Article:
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Bryan Baeumler On His New Show, And Giving It All Up For The Country

HGTV's Bryan Baeumler On Giving It All Up For The Country

When you're the host on a number of HGTV shows, there are some assumptions people make. Like, for example, that no matter how rough and dirty you get on screen, your life is actually filled with fancy cocktail parties and limousine rides. But that's definitely not the case for Bryan Baeumler, host of "DIY Disaster," and "House of Bryan: In The Sticks," premiering Sunday, Dec. 14 at 9 p.m. EST on HGTV Canada.

In the new series, Baeumler, along with his wife Sarah and four children, pull up stakes from their suburban Oakville, Ont. home and move to the country to build a whole new kind of dream house, one with acres and acres of land. But as far as Baeumler is concerned, it's no sacrifice at all.

"To be honest, it was a really smooth transition for us, and if anything we were all a little surprised at how quickly everyone adapted," he tells The Huffington Post Canada. "The kids love their new home, and their friends love visiting, as do ours. If anything, we seem to entertain even more than we did living in the city, and the time we spend at our home with family and friends now seems to be of greater quality, if that makes any sense."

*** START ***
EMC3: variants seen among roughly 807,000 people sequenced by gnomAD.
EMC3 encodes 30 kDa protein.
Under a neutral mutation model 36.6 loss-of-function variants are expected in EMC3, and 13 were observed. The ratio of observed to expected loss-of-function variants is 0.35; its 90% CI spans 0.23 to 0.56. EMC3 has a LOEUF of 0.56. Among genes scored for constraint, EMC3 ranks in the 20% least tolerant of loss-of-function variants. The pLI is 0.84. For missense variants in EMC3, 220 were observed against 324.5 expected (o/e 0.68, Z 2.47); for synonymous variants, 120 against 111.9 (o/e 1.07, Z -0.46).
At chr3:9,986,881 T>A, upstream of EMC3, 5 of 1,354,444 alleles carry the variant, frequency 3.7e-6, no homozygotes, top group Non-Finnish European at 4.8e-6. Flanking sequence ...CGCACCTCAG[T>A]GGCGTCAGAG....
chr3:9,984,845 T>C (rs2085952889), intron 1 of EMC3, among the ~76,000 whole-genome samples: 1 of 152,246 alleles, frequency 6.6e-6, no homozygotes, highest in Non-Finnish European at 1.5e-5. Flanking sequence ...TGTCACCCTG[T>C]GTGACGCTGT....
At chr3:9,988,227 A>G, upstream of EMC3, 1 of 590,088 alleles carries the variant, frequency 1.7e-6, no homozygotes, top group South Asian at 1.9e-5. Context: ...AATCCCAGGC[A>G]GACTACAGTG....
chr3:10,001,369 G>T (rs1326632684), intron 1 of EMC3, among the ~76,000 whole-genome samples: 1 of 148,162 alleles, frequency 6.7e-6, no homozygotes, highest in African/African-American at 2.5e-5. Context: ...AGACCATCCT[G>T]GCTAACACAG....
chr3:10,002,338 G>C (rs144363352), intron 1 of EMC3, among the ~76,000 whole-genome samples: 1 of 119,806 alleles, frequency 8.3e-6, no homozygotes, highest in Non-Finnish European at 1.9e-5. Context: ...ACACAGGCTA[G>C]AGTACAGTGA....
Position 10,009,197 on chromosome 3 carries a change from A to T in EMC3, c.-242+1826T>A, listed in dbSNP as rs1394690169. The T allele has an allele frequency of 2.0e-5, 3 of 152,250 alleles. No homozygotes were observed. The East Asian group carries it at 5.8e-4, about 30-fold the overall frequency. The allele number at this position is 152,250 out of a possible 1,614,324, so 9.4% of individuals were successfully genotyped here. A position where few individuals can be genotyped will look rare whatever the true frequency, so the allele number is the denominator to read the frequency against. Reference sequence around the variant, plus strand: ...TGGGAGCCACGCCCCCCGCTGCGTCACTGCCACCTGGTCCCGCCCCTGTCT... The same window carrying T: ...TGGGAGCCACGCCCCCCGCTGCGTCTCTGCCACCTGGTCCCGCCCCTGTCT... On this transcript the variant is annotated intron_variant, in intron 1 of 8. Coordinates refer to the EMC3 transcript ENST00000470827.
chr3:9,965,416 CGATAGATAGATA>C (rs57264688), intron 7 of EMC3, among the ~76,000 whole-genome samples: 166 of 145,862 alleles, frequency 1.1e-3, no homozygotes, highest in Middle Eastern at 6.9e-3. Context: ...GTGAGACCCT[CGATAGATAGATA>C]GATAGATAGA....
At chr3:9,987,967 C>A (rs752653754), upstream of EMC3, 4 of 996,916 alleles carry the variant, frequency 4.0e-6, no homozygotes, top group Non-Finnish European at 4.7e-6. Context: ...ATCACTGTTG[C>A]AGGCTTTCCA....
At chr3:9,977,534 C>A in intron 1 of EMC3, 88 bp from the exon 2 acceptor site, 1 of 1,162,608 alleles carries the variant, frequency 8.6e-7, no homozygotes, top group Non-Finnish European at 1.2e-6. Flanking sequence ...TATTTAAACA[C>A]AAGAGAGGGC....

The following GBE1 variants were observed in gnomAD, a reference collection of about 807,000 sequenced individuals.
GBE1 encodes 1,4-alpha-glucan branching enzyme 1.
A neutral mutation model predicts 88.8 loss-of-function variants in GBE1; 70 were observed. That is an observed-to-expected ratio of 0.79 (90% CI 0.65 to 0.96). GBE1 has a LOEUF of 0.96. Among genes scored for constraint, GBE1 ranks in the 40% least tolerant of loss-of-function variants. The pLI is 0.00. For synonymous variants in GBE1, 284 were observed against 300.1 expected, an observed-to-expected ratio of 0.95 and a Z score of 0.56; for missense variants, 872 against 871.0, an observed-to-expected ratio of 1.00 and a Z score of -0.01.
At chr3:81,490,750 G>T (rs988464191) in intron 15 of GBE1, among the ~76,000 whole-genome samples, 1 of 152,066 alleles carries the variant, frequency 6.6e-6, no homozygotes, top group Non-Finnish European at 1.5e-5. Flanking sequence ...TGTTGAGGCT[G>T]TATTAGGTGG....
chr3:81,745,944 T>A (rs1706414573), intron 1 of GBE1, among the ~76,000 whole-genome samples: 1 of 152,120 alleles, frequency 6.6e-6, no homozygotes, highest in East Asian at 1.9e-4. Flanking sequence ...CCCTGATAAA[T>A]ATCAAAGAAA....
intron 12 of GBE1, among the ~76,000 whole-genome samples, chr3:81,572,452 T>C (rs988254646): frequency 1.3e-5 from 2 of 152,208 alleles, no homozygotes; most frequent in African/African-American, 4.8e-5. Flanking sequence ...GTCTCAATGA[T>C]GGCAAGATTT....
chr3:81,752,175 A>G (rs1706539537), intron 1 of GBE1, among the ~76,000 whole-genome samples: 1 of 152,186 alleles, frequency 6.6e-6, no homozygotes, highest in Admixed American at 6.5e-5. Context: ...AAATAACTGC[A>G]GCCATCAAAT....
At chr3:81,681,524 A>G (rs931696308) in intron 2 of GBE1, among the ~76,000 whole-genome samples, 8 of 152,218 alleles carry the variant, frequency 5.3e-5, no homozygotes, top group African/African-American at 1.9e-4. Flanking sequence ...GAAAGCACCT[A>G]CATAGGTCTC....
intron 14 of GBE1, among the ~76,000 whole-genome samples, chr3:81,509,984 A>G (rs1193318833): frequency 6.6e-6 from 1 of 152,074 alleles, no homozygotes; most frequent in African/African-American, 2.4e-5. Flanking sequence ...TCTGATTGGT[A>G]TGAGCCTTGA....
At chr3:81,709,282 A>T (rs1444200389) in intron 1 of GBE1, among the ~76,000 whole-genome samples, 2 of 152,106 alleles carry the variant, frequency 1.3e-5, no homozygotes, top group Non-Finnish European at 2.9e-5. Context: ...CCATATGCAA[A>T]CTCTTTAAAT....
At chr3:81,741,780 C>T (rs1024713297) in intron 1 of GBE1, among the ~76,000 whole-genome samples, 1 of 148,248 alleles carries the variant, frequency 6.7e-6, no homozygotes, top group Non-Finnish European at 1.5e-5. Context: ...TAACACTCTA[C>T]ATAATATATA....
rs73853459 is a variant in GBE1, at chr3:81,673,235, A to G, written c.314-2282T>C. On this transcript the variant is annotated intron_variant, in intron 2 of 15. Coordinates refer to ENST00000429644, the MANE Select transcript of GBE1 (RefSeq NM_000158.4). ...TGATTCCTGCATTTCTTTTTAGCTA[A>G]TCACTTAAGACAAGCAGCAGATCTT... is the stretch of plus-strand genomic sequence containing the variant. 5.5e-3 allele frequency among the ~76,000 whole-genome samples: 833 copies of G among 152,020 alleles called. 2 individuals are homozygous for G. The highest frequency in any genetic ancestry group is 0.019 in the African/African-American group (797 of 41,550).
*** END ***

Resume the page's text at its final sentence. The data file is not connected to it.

Having grown up surrounded by farmland (and of course, by virtue of his job as a contractor), Baeumler was more than prepared for the home maintenance projects around the house, and battling traffic to get into the city to maintain his construction business. His wife, however, who was born and bred in Oakville, needed a little convincing.

"At first she didn't understand why we needed so much property. However, it didn't take long for our new lifestyle to win her over. She's even eyeing up the farm next door…it turns out the kids, and Sarah, like horses. I may have created a rural monster."

Baeumler speaks glowingly of the increased property value, sense of privacy and safety for his family afforded by the country. Of course, it helps that his view of city living is none too flattering.

"When we lived in town, it was too easy to run out to the store, go out to a carbon-copy restaurant with saucy mediocre defrosted food, or pop back into the office after hours to finish up a bit of work. You'd be amazed how many things we 'think' we need that aren't mission critical to everyday life," he says.

"Now, work stays at the office, and we spend more time as a family eating home-cooked (and much healthier!) meals, playing outdoors or exploring nature together. Our kids will choose a few hours running around outside playing together or chasing squirrels over their iPads, which I think is great."

But despite his ebullience about his new digs and the "natural air filter and oxygen factory" he now lives in, he doesn't think it's for everyone. In fact, he knows it's not.

"If you like getting up in the morning, walking or jumping on your bike or the streetcar and hitting up your local Starbucks for a skinny-mocha-frappe-whatchamacallit, you don't enjoy a lot of home maintenance projects, or spending time in the dark after a storm (or listening to the hum of a generator), the occasional septic pump failure, or deer, wild turkey and coyotes wandering through your yard, or you enjoy the convenience of the local strip mall, country life might not be for you.

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